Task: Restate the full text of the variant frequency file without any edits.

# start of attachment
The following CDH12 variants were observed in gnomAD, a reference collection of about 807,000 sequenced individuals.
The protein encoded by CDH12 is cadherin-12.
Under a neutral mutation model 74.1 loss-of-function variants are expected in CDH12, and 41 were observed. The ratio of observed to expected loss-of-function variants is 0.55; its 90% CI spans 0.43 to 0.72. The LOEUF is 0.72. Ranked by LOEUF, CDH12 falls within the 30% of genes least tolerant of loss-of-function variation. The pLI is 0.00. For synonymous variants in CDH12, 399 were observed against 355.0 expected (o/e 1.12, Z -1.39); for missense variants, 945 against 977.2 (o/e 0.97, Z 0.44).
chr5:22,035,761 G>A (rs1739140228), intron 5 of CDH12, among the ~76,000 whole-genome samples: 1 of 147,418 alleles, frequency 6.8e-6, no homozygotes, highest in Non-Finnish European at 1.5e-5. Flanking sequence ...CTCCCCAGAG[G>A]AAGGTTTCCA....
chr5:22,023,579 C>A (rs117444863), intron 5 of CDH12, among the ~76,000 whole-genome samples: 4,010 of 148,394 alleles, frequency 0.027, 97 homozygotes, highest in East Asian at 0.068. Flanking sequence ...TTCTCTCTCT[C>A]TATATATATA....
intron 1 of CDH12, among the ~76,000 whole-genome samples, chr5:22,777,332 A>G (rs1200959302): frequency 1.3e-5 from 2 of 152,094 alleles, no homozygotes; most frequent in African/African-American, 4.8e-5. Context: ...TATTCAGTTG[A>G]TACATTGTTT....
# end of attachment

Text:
The following CDH12 variants were observed in gnomAD, a reference collection of about 807,000 sequenced individuals.
The protein encoded by CDH12 is cadherin-12.
Under a neutral mutation model 74.1 loss-of-function variants are expected in CDH12, and 41 were observed. The ratio of observed to expected loss-of-function variants is 0.55; its 90% CI spans 0.43 to 0.72. The LOEUF is 0.72. Ranked by LOEUF, CDH12 falls within the 30% of genes least tolerant of loss-of-function variation. The pLI is 0.00. For synonymous variants in CDH12, 399 were observed against 355.0 expected (o/e 1.12, Z -1.39); for missense variants, 945 against 977.2 (o/e 0.97, Z 0.44).
chr5:22,035,761 G>A (rs1739140228), intron 5 of CDH12, among the ~76,000 whole-genome samples: 1 of 147,418 alleles, frequency 6.8e-6, no homozygotes, highest in Non-Finnish European at 1.5e-5. Flanking sequence ...CTCCCCAGAG[G>A]AAGGTTTCCA....
chr5:22,023,579 C>A (rs117444863), intron 5 of CDH12, among the ~76,000 whole-genome samples: 4,010 of 148,394 alleles, frequency 0.027, 97 homozygotes, highest in East Asian at 0.068. Flanking sequence ...TTCTCTCTCT[C>A]TATATATATA....
intron 1 of CDH12, among the ~76,000 whole-genome samples, chr5:22,777,332 A>G (rs1200959302): frequency 1.3e-5 from 2 of 152,094 alleles, no homozygotes; most frequent in African/African-American, 4.8e-5. Context: ...TATTCAGTTG[A>G]TACATTGTTT....